China and the Philippines are in a dispute over an area of the South China Sea. Oil reserves, fishing rights and half the world's marine shipping traffic are at stake.
'In the short term, share prices are going to be affected. If this situation at the legislature keeps going on goes on, share prices will be more heavily affected and foreign investors will start to waver.' -- Shih Hsiao-chi, economist, SinoPac Securities
'Traditional funds might stay away, though you might see locals with some higher risk appetite. It's the risk you'd get with lack of transparency. You're not very sure of their background or level of experience.' -- Lorraine Tan, equity researcher, S&P Capital IQ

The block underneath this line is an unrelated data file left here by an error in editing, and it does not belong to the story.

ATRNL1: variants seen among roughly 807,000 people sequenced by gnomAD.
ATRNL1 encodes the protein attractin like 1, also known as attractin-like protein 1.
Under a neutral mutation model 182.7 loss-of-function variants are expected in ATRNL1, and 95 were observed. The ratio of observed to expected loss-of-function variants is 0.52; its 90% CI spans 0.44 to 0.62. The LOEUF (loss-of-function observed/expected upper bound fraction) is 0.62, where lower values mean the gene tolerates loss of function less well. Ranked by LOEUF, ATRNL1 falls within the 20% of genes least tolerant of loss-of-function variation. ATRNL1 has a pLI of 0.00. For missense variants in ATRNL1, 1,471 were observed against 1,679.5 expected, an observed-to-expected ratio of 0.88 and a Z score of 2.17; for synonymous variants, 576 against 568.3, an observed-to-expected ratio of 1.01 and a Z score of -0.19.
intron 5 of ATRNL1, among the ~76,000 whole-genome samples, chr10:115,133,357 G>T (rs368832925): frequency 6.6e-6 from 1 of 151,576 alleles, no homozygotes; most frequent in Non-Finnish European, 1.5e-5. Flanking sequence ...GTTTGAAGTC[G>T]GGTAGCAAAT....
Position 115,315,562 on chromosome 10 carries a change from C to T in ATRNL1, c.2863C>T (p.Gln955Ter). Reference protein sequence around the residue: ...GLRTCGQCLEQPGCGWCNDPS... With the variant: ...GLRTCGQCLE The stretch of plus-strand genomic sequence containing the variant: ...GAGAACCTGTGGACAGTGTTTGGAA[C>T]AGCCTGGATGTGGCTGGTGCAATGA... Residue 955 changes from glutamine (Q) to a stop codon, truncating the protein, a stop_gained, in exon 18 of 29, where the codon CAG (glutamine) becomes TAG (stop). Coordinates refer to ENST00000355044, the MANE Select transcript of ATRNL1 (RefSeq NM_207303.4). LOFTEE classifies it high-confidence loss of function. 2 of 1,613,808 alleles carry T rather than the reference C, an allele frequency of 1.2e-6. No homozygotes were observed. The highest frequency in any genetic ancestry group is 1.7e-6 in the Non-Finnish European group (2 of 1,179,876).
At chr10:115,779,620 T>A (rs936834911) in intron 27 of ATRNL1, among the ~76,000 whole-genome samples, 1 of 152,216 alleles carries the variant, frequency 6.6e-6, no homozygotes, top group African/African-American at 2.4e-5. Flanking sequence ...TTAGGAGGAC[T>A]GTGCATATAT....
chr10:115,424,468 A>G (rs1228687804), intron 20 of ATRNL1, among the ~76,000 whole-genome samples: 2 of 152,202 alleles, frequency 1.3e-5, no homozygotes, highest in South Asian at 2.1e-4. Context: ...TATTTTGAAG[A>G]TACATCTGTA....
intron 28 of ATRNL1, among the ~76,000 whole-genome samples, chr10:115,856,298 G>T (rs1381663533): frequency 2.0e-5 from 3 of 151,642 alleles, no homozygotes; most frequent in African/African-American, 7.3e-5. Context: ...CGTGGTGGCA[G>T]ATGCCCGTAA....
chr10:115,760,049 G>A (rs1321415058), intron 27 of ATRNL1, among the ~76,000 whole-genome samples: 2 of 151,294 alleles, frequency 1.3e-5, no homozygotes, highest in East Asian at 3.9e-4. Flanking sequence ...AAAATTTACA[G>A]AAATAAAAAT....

"I have rarely felt threatened. Certainly people should take precautions like they would anywhere in the world, and they should know that they are a guest in this country, but by and large I would say China is safe for most foreigners." -- Scott Kronick, author of The Lighter Side of China.
Chinese smartphone brands have gained market share overseas through a combination of 'good-enough' quality and competitive pricing.
The Chinese real estate market has been zooming ahead. New relaxed regulations have stabilized prices a bit and may prove attractive to investors.
Defaults are rare compared to the amount of lending in China.
First it bought IBM's laptops. Now it has Motorola Mobility's smartphone business. Both bring Lenovo more access to consumers in the U.S. and Latin America.
China's rabid gamers may not notice the accumulating charges on their cellphones, but the nation's top mobile Internet companies do.
Growth in China isn't gangbusters like it was a few years ago. Here's what that means for investors.